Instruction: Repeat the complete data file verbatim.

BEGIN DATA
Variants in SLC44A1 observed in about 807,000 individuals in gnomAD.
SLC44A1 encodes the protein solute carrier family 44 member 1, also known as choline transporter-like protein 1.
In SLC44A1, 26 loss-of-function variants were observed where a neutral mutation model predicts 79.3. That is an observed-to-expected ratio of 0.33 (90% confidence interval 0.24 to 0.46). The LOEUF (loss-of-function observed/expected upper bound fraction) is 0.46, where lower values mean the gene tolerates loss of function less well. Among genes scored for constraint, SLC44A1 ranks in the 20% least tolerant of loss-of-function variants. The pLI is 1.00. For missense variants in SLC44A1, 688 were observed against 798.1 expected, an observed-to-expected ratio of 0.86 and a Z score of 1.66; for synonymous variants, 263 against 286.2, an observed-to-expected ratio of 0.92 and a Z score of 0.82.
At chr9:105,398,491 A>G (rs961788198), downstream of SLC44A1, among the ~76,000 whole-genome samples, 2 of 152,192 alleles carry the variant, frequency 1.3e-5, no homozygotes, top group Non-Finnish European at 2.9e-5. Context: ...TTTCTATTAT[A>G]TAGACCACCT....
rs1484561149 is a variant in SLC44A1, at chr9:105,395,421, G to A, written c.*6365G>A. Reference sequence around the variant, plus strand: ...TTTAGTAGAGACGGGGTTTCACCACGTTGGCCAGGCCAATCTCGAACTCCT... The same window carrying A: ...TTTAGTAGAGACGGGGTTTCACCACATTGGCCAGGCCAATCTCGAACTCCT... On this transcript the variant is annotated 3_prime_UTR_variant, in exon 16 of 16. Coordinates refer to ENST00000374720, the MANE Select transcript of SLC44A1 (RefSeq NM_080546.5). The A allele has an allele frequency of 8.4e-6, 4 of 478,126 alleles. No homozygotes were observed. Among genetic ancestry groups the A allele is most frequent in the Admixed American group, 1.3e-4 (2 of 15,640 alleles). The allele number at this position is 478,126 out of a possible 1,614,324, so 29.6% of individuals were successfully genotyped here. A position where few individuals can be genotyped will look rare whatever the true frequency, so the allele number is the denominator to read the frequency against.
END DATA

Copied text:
Variants in SLC44A1 observed in about 807,000 individuals in gnomAD.
SLC44A1 encodes the protein solute carrier family 44 member 1, also known as choline transporter-like protein 1.
In SLC44A1, 26 loss-of-function variants were observed where a neutral mutation model predicts 79.3. That is an observed-to-expected ratio of 0.33 (90% confidence interval 0.24 to 0.46). The LOEUF (loss-of-function observed/expected upper bound fraction) is 0.46, where lower values mean the gene tolerates loss of function less well. Among genes scored for constraint, SLC44A1 ranks in the 20% least tolerant of loss-of-function variants. The pLI is 1.00. For missense variants in SLC44A1, 688 were observed against 798.1 expected, an observed-to-expected ratio of 0.86 and a Z score of 1.66; for synonymous variants, 263 against 286.2, an observed-to-expected ratio of 0.92 and a Z score of 0.82.
At chr9:105,398,491 A>G (rs961788198), downstream of SLC44A1, among the ~76,000 whole-genome samples, 2 of 152,192 alleles carry the variant, frequency 1.3e-5, no homozygotes, top group Non-Finnish European at 2.9e-5. Context: ...TTTCTATTAT[A>G]TAGACCACCT....
rs1484561149 is a variant in SLC44A1, at chr9:105,395,421, G to A, written c.*6365G>A. Reference sequence around the variant, plus strand: ...TTTAGTAGAGACGGGGTTTCACCACGTTGGCCAGGCCAATCTCGAACTCCT... The same window carrying A: ...TTTAGTAGAGACGGGGTTTCACCACATTGGCCAGGCCAATCTCGAACTCCT... On this transcript the variant is annotated 3_prime_UTR_variant, in exon 16 of 16. Coordinates refer to ENST00000374720, the MANE Select transcript of SLC44A1 (RefSeq NM_080546.5). The A allele has an allele frequency of 8.4e-6, 4 of 478,126 alleles. No homozygotes were observed. Among genetic ancestry groups the A allele is most frequent in the Admixed American group, 1.3e-4 (2 of 15,640 alleles). The allele number at this position is 478,126 out of a possible 1,614,324, so 29.6% of individuals were successfully genotyped here. A position where few individuals can be genotyped will look rare whatever the true frequency, so the allele number is the denominator to read the frequency against.